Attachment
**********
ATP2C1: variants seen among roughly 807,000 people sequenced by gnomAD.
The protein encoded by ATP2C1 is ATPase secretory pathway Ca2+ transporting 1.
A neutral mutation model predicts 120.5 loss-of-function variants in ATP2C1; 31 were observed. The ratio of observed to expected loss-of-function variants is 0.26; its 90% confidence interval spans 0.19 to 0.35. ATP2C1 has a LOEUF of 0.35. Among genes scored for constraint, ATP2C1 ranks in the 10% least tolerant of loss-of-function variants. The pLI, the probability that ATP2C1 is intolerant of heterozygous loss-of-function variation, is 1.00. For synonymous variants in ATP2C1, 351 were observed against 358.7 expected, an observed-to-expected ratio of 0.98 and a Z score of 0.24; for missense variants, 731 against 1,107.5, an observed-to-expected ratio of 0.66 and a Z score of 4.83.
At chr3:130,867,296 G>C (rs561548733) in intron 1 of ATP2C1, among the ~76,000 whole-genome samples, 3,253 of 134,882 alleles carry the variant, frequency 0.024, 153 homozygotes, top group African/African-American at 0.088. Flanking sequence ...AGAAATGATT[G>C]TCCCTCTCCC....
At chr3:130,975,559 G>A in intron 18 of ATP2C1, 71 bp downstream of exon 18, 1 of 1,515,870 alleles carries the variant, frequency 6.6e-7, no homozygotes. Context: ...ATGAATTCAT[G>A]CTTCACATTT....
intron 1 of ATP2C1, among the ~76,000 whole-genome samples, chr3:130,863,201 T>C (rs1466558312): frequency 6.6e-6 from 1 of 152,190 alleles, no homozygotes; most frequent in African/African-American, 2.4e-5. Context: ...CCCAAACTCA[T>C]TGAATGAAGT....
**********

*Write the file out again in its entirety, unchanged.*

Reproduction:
ATP2C1: variants seen among roughly 807,000 people sequenced by gnomAD.
The protein encoded by ATP2C1 is ATPase secretory pathway Ca2+ transporting 1.
A neutral mutation model predicts 120.5 loss-of-function variants in ATP2C1; 31 were observed. The ratio of observed to expected loss-of-function variants is 0.26; its 90% confidence interval spans 0.19 to 0.35. ATP2C1 has a LOEUF of 0.35. Among genes scored for constraint, ATP2C1 ranks in the 10% least tolerant of loss-of-function variants. The pLI, the probability that ATP2C1 is intolerant of heterozygous loss-of-function variation, is 1.00. For synonymous variants in ATP2C1, 351 were observed against 358.7 expected, an observed-to-expected ratio of 0.98 and a Z score of 0.24; for missense variants, 731 against 1,107.5, an observed-to-expected ratio of 0.66 and a Z score of 4.83.
At chr3:130,867,296 G>C (rs561548733) in intron 1 of ATP2C1, among the ~76,000 whole-genome samples, 3,253 of 134,882 alleles carry the variant, frequency 0.024, 153 homozygotes, top group African/African-American at 0.088. Flanking sequence ...AGAAATGATT[G>C]TCCCTCTCCC....
At chr3:130,975,559 G>A in intron 18 of ATP2C1, 71 bp downstream of exon 18, 1 of 1,515,870 alleles carries the variant, frequency 6.6e-7, no homozygotes. Context: ...ATGAATTCAT[G>A]CTTCACATTT....
intron 1 of ATP2C1, among the ~76,000 whole-genome samples, chr3:130,863,201 T>C (rs1466558312): frequency 6.6e-6 from 1 of 152,190 alleles, no homozygotes; most frequent in African/African-American, 2.4e-5. Context: ...CCCAAACTCA[T>C]TGAATGAAGT....